Islamophobia is Stupid
Recently, fellow MennoNerd Micael blogged about why Deport All Muslims Now is Stupid, Evil, and Unchristian. The last two really should be obvious if you’ve ever actually listened to Jesus’ teaching ideas like loving your enemy and doing good to those who hurt you. Many admit this but then fall back on “the only way to stop the tiny fraction of Muslims who are extremists is to just kill everybody.” In other words, they think it is smart even if they sort of acknowledge it is evil and unChristian.
Fighting Fire with Fire
N.T. Wright says this:
the real battle is against violence itself, against the normal human wickedness that shows itself in the desire for brute force to win the day. If you fight fire with fire, fire still wins. And Jesus has come to win the victory over fire itself, over the rule of the bullies and the power-brokers, in favour of the poor, the meek, the mourners, the pure in heart.
This is another reason why Islamophobia as a response to ISIS or other extremists is stupid: it’s throwing more fuel on the fire then being confused that the fire is growing. A lot of people seem to ignore why many of these extremists hate the West in the first place. You might have a few who suffer from sociopathic tendencies (as in any group of people), but most see themselves as fighting for freedom against Western tyranny. Many have seen their family members and friends killed in the past 20 years by Western countries indiscriminately bombing them, thousands upon thousands of civilian casualties that easily could have been avoided.
It’s actually a very similar situation to Germany before WWII: if you kill a bunch of a nation and then leave who’s left in a giant mess, somebody will probably step up to unite that mess against whoever created it. Hitler capitalized on German anger against the Allies for the unfair peace treaty after WWI, ISIS capitalized on Iraqi/Syrian anger against the West for a lot of things in the past 70 years (not only the recent Iraq War, but also the Contra Affair, the ignoring of Palestinian oppression, and so on).
Many choose to ramp up the rhetoric and violence. This gets more people angry and afraid on both sides. That turns more of the average Muslim citizens against the West, making them more willing to support ISIS or other extremists. Less than 1% of Muslims are extremists, but if you constantly tell them they all are and how you need to deport them, or deny their refugees, or bomb their weddings, some of the other 99%+ would probably be swayed to joining them. You’re going to create a much bigger fire, as history has proven over and over again.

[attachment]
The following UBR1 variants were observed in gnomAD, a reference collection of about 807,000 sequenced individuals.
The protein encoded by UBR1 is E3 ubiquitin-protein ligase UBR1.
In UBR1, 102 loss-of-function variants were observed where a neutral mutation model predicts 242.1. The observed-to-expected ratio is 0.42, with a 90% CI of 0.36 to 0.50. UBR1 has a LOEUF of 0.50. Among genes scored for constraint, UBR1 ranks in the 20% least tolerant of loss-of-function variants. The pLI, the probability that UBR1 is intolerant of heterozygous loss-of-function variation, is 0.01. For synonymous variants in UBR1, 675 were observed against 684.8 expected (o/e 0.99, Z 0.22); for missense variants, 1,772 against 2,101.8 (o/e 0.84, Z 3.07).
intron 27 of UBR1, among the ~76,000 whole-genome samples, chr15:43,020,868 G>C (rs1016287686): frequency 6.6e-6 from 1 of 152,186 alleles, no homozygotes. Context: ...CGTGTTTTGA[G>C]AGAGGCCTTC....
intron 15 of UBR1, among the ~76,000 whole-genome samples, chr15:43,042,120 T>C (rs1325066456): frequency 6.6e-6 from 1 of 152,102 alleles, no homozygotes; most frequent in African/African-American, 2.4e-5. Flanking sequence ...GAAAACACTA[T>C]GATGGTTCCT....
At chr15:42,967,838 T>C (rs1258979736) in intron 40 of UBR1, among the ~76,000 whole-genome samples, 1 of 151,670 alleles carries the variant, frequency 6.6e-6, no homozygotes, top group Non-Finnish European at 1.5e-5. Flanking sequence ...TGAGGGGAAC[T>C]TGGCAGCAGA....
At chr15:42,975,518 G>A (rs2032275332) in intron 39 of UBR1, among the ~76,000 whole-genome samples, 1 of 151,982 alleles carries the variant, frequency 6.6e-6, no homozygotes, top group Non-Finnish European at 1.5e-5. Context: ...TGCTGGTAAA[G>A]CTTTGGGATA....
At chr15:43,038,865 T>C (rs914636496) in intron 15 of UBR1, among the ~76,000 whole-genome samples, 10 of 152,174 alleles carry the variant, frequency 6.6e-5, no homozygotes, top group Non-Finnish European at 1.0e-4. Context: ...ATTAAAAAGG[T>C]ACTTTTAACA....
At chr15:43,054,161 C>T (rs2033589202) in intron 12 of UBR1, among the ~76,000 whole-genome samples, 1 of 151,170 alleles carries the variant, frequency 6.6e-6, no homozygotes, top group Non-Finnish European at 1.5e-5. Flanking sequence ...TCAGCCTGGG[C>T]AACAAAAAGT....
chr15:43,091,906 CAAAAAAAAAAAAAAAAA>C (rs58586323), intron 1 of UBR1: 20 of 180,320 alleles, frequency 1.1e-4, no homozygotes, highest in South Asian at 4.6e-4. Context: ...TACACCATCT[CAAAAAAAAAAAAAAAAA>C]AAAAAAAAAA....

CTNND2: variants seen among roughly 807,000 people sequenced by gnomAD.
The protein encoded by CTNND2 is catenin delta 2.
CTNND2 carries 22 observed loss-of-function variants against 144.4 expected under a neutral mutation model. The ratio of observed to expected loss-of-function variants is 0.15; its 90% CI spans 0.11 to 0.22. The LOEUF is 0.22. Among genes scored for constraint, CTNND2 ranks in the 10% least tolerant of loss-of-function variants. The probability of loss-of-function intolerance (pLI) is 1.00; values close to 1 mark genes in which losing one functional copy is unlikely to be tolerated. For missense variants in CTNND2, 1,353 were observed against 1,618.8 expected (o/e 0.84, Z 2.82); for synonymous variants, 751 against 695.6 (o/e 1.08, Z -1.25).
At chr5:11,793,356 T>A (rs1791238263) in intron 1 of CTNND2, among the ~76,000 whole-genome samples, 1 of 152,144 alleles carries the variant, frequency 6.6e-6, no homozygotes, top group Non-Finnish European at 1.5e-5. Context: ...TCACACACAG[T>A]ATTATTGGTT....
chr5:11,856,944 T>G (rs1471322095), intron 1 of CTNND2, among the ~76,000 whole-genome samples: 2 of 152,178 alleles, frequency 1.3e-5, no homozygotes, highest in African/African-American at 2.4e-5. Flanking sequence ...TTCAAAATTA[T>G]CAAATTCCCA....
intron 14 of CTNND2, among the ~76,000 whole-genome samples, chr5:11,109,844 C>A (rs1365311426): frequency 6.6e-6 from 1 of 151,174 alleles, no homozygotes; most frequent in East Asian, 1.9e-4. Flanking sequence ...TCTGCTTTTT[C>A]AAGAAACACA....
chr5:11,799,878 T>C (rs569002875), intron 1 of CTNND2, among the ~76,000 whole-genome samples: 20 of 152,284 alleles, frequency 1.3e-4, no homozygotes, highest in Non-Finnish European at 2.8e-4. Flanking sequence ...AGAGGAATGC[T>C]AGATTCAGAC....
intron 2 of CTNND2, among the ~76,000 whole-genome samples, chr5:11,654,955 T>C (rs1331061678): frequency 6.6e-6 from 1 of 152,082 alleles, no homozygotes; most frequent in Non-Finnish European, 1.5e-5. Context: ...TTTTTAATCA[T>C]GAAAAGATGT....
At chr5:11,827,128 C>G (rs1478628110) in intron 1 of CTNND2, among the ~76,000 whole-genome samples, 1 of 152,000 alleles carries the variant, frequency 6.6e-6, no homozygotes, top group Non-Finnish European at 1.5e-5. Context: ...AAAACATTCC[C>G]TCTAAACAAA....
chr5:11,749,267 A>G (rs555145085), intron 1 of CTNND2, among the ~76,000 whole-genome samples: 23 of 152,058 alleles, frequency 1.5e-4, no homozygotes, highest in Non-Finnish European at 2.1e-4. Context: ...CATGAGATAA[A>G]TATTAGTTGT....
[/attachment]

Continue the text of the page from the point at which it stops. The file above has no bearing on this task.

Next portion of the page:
On a tangent, if you actually applied this logic to every group where less than 1% pose an actual threat, you would have to kill everyone. In the U.S., there have been more terrorists deaths since September 11th, 2001 caused by white right wing extremists than by Muslim extremists. In Canada, you’re more likely to be killed by a moose than a Muslim extremist. Yet we call for deporting, bombing, denying refugees, and taking away fundamental human rights allegedly to protect against Muslim extremists. The fact we aren’t exterminating all of our moose or deporting white conservatives using the same “just in case” reasoning shows that it really has nothing to do with logic. It’s all about fear and scapegoating, with Muslims a prime target right now.
Loving Our Enemies
On the other hand, we could help the victims of ISIS, the average citizen (Muslim and otherwise). Offer them refuge when they try to flee. Feed and clothe them. Help them rebuild their homes. This is not only a decent human thing to do (and obviously a Christian thing to do); it also deprives ISIS of its soldiers. Instead of that less than 1% of Muslims being extremists going up, it will go down as the current extremists will have a harder and harder time convincing the average citizens to rise up against the people that treated them well. Instead of throwing more oil on the fire, this deprives extremists of the oxygen where their fire can thrive. This should sound like common sense, but apparently it’s a radical idea (I get all my best radical ideas from Jesus).
This could easily be about making our government do these things, but it really should be about what we do as the ordinary radical Christian citizen. Are there any Muslims in your community? What can you do to make sure they feel safe and welcomed as an equal? When you see Islamophobic memes spreading on social media, how do you respond? Do you point out reality or just shrug and leave their hatred to spread? Of course some are just trolls and you don’t want to get stuck in a fight, but many actually are being misled by fear into saying and doing harmful things – how do we step in and help them before extremists are created on either side?
Last Word from John
Perfect love casts out fear (1 John 4:18)
If you love people, you can’t fear them and they’ll stop fearing you (not necessarily immediately, since there’s a lot of past damage to undo). Reject fear. Choose love.